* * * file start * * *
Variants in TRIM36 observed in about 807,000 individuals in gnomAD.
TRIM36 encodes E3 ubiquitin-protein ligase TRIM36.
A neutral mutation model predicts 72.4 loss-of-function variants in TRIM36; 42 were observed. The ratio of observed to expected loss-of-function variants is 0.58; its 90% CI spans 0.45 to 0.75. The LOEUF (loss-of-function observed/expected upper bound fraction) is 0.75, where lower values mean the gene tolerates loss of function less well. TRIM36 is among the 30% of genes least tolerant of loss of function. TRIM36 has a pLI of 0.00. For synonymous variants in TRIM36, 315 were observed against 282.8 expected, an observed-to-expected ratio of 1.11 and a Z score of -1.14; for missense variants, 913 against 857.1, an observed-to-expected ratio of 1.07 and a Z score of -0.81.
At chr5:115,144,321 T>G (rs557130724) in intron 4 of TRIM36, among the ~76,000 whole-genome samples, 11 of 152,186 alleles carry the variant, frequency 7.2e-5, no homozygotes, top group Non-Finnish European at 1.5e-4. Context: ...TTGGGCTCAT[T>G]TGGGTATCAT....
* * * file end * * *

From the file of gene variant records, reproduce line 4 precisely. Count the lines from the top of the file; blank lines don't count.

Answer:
At chr5:115,144,321 T>G (rs557130724) in intron 4 of TRIM36, among the ~76,000 whole-genome samples, 11 of 152,186 alleles carry the variant, frequency 7.2e-5, no homozygotes, top group Non-Finnish European at 1.5e-4. Context: ...TTGGGCTCAT[T>G]TGGGTATCAT....